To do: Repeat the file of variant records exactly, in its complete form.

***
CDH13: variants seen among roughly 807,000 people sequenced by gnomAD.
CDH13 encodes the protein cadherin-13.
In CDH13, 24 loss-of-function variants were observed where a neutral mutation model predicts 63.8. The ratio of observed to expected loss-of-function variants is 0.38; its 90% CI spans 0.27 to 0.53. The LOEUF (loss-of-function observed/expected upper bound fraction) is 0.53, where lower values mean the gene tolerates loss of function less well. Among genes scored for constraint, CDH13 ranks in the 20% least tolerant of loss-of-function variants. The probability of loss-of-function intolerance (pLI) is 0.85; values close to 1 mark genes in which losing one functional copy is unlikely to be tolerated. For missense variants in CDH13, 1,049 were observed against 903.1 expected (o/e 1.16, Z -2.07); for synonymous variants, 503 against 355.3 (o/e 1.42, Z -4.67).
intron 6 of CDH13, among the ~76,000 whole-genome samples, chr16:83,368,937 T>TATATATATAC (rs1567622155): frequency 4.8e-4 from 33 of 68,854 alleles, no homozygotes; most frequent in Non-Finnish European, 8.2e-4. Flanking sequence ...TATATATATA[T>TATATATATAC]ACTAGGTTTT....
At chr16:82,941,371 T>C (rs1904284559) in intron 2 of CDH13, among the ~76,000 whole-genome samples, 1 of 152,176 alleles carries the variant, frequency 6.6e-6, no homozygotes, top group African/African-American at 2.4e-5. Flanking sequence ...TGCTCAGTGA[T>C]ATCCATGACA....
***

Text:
CDH13: variants seen among roughly 807,000 people sequenced by gnomAD.
CDH13 encodes the protein cadherin-13.
In CDH13, 24 loss-of-function variants were observed where a neutral mutation model predicts 63.8. The ratio of observed to expected loss-of-function variants is 0.38; its 90% CI spans 0.27 to 0.53. The LOEUF (loss-of-function observed/expected upper bound fraction) is 0.53, where lower values mean the gene tolerates loss of function less well. Among genes scored for constraint, CDH13 ranks in the 20% least tolerant of loss-of-function variants. The probability of loss-of-function intolerance (pLI) is 0.85; values close to 1 mark genes in which losing one functional copy is unlikely to be tolerated. For missense variants in CDH13, 1,049 were observed against 903.1 expected (o/e 1.16, Z -2.07); for synonymous variants, 503 against 355.3 (o/e 1.42, Z -4.67).
intron 6 of CDH13, among the ~76,000 whole-genome samples, chr16:83,368,937 T>TATATATATAC (rs1567622155): frequency 4.8e-4 from 33 of 68,854 alleles, no homozygotes; most frequent in Non-Finnish European, 8.2e-4. Flanking sequence ...TATATATATA[T>TATATATATAC]ACTAGGTTTT....
At chr16:82,941,371 T>C (rs1904284559) in intron 2 of CDH13, among the ~76,000 whole-genome samples, 1 of 152,176 alleles carries the variant, frequency 6.6e-6, no homozygotes, top group African/African-American at 2.4e-5. Flanking sequence ...TGCTCAGTGA[T>C]ATCCATGACA....